AKRON (Sept. 27, 2004) — Have you ever wondered why some tire dealers and service shop operators have such understanding and forgiving customers?
Call it good will, sympathy, empathy or forgiveness; good business people earn these relationships via years of thoughtful service.
Many bosses I meet seem to think this is a matter of good luck or divine intervention. However, my field experience tells me there's a direct relationship between how your customers treat you and how you've been treating them. Luck has very little to do with it.
For example, an owner and I were discussing one of his competitors. He didn't know that I know the competitor's operation very well. He was upset the competitor once quipped that he couldn't make one of his customers angry if he tried. This fellow became even more upset when I confirmed that this claim was probably true 95 percent of the time. I knew this because I'd watched the competitor and his crew in action so many times.
To me, the next thing that happened typifies what ails so many bosses. The whining owner didn't ask me about anything his competitor did to build customer trust. Instead of trying to learn something new and improve his business, he just changed the topic.
Cull favor, build trust
Most things I see savvy bosses doing to earn customer trust are simple courtesies that have to be done first time, every time. The very first step is to take responsibility for your work. This doesn't automatically mean admitting guilt or needing to give anything away free. Rather, it means agreeing to check the vehicle if the customer perceives that something's gone wrong after your techs worked on it. Acknowledge the customer's concerns and treat them seriously.
The next major step to cultivating sympathetic customers is to be mature and realistic. This means recognizing and accepting that the only thing you can count on in a service business is that things will go wrong!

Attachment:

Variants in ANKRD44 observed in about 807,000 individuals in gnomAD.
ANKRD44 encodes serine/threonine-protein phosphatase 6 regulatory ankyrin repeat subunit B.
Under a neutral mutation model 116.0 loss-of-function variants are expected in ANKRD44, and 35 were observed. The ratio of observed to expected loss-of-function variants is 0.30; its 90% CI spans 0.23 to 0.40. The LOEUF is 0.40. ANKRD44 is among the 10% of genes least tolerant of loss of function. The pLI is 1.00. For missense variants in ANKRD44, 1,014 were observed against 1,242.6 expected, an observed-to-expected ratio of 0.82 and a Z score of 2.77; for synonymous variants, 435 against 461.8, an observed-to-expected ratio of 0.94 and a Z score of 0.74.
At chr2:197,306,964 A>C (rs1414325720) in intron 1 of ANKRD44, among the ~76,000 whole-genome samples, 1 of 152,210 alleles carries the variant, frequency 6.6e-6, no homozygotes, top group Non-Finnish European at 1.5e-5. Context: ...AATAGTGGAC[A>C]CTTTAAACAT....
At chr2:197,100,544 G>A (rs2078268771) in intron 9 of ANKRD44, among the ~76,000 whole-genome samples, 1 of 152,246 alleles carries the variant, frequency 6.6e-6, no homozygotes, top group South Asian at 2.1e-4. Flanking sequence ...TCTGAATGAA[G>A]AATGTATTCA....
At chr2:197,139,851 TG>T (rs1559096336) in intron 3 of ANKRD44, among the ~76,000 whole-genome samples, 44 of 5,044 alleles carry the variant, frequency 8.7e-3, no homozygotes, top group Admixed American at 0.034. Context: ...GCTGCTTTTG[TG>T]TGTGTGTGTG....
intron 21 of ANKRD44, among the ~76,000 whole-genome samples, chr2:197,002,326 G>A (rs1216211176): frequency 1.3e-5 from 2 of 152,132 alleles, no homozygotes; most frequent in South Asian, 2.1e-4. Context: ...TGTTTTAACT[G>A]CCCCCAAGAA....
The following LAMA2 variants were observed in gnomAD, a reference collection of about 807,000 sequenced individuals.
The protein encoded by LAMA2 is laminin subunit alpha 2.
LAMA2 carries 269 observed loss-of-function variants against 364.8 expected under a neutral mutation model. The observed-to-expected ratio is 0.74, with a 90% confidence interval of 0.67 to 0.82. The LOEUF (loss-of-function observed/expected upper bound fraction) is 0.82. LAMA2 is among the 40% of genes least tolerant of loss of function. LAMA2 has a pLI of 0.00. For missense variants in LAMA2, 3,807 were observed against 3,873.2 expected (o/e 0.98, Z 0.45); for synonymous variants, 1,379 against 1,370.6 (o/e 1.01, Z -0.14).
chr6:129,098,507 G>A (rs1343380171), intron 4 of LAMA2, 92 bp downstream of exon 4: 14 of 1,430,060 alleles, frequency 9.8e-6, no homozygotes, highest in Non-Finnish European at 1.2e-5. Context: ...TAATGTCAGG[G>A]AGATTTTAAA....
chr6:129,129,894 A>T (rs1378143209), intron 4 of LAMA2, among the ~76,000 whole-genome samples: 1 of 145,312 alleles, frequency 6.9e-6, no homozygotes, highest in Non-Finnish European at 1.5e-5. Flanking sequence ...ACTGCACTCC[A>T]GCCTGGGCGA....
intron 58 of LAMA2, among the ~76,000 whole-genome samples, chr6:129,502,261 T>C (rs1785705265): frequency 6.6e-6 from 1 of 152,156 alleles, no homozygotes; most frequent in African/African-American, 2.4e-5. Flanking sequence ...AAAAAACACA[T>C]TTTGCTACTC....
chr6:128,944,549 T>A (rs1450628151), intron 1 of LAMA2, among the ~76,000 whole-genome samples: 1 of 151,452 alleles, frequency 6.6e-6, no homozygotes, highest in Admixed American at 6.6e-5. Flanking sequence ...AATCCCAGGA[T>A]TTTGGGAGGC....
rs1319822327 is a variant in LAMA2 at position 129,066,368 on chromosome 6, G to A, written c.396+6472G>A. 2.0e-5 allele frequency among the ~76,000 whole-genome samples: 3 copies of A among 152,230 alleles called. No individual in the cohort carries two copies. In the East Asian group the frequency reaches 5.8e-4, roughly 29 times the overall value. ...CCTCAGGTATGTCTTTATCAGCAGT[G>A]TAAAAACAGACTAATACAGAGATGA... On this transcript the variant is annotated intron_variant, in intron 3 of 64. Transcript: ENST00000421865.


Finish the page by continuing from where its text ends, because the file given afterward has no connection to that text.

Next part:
Too many service personnel who should know better are still wringing their hands and wailing about problems instead of shutting up and dealing with them cheerfully and promptly. A tech called in sick unexpectedly. Your supplier sent the wrong parts. The tech didn't tighten the fasteners correctly. The tech did this, didn't do that.
Show some common and professional courtesy by telephoning a customer right away so he or she knows the vehicle won't be finished on time. Right away means right away—bad news never sounds any better when you delay delivering it to the customer. Whenever possible, provide a loaner vehicle or shuttle service so the customer isn't stranded without transportation. After addressing their transportation needs, you can concentrate on fixing their car.
The third way to grow sympathetic customers is to be sympathetic yourself. The quickest way to be sympathetic is to show that you respect the customer's time. As a rule, people depend a great deal on their vehicles. In fact, the mobility that car provides actually defines their daily lives, doesn't it?
Therefore, act accordingly whenever you're scheduling work on that vehicle or dealing with a work delay or a comeback. Long after the work delay is solved or the cause of a comeback is corrected, people will remember how promptly you dealt with the problem.
The fourth and possibly the most-challenging way to earn sympathetic customers is to control your temper and keep a sense of humor. Losing your cool doesn't engender trust or confidence nor does it speed up the problem-solving process. Besides, the typical customer coming through your door has his or her share of horror stories about service providers of one kind or another losing their tempers. They really don't need to see you do it, too.
Grace under pressure always earns you many more points than blowing your stack does.
Over the long haul, this approach comes back to you when you or one of your team finally does make a really big mistake. They've heard about your behavior from friends, neighbors and relatives. They've watched you operate from the customer lounge, and they've experienced your thoughtfulness firsthand with small issues. Consequently, they're so much more likely to cut you slack on the bigger boo-boo that you won't believe it. But then, you earned it!